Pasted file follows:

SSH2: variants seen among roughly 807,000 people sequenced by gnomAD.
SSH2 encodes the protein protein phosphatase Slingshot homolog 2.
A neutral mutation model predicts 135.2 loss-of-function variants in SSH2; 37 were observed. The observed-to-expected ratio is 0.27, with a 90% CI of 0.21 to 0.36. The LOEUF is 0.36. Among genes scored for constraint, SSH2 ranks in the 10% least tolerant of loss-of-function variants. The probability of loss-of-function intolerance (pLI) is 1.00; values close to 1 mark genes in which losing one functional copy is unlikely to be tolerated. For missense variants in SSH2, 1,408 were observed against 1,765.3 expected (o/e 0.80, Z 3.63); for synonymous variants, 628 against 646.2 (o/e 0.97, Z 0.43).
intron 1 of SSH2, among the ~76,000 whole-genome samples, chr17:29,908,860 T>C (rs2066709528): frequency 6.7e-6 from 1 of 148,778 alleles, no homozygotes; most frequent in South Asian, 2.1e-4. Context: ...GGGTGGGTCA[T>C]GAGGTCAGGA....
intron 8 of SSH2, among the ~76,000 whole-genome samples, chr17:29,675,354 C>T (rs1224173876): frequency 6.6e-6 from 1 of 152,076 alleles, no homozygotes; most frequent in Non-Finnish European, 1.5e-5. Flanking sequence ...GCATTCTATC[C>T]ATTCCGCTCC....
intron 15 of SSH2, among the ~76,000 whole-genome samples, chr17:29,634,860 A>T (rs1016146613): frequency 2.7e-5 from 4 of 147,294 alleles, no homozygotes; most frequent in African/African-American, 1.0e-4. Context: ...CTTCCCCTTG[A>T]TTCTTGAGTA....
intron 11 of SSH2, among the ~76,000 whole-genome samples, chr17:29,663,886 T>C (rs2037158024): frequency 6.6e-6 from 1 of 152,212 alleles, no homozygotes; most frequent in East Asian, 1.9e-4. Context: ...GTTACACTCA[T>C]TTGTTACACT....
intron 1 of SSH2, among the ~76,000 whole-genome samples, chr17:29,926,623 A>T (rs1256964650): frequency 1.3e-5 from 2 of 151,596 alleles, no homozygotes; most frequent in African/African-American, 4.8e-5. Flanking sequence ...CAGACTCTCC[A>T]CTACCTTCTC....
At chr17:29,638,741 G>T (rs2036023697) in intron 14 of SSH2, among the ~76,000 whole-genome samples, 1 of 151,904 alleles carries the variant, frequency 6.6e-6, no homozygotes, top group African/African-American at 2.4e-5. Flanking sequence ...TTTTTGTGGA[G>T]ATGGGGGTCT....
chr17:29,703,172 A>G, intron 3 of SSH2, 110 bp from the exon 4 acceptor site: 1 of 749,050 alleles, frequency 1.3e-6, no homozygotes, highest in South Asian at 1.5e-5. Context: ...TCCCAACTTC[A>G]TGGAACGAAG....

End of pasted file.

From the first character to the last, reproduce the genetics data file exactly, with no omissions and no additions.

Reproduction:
SSH2: variants seen among roughly 807,000 people sequenced by gnomAD.
SSH2 encodes the protein protein phosphatase Slingshot homolog 2.
A neutral mutation model predicts 135.2 loss-of-function variants in SSH2; 37 were observed. The observed-to-expected ratio is 0.27, with a 90% CI of 0.21 to 0.36. The LOEUF is 0.36. Among genes scored for constraint, SSH2 ranks in the 10% least tolerant of loss-of-function variants. The probability of loss-of-function intolerance (pLI) is 1.00; values close to 1 mark genes in which losing one functional copy is unlikely to be tolerated. For missense variants in SSH2, 1,408 were observed against 1,765.3 expected (o/e 0.80, Z 3.63); for synonymous variants, 628 against 646.2 (o/e 0.97, Z 0.43).
intron 1 of SSH2, among the ~76,000 whole-genome samples, chr17:29,908,860 T>C (rs2066709528): frequency 6.7e-6 from 1 of 148,778 alleles, no homozygotes; most frequent in South Asian, 2.1e-4. Context: ...GGGTGGGTCA[T>C]GAGGTCAGGA....
intron 8 of SSH2, among the ~76,000 whole-genome samples, chr17:29,675,354 C>T (rs1224173876): frequency 6.6e-6 from 1 of 152,076 alleles, no homozygotes; most frequent in Non-Finnish European, 1.5e-5. Flanking sequence ...GCATTCTATC[C>T]ATTCCGCTCC....
intron 15 of SSH2, among the ~76,000 whole-genome samples, chr17:29,634,860 A>T (rs1016146613): frequency 2.7e-5 from 4 of 147,294 alleles, no homozygotes; most frequent in African/African-American, 1.0e-4. Context: ...CTTCCCCTTG[A>T]TTCTTGAGTA....
intron 11 of SSH2, among the ~76,000 whole-genome samples, chr17:29,663,886 T>C (rs2037158024): frequency 6.6e-6 from 1 of 152,212 alleles, no homozygotes; most frequent in East Asian, 1.9e-4. Context: ...GTTACACTCA[T>C]TTGTTACACT....
intron 1 of SSH2, among the ~76,000 whole-genome samples, chr17:29,926,623 A>T (rs1256964650): frequency 1.3e-5 from 2 of 151,596 alleles, no homozygotes; most frequent in African/African-American, 4.8e-5. Flanking sequence ...CAGACTCTCC[A>T]CTACCTTCTC....
At chr17:29,638,741 G>T (rs2036023697) in intron 14 of SSH2, among the ~76,000 whole-genome samples, 1 of 151,904 alleles carries the variant, frequency 6.6e-6, no homozygotes, top group African/African-American at 2.4e-5. Flanking sequence ...TTTTTGTGGA[G>T]ATGGGGGTCT....
chr17:29,703,172 A>G, intron 3 of SSH2, 110 bp from the exon 4 acceptor site: 1 of 749,050 alleles, frequency 1.3e-6, no homozygotes, highest in South Asian at 1.5e-5. Context: ...TCCCAACTTC[A>G]TGGAACGAAG....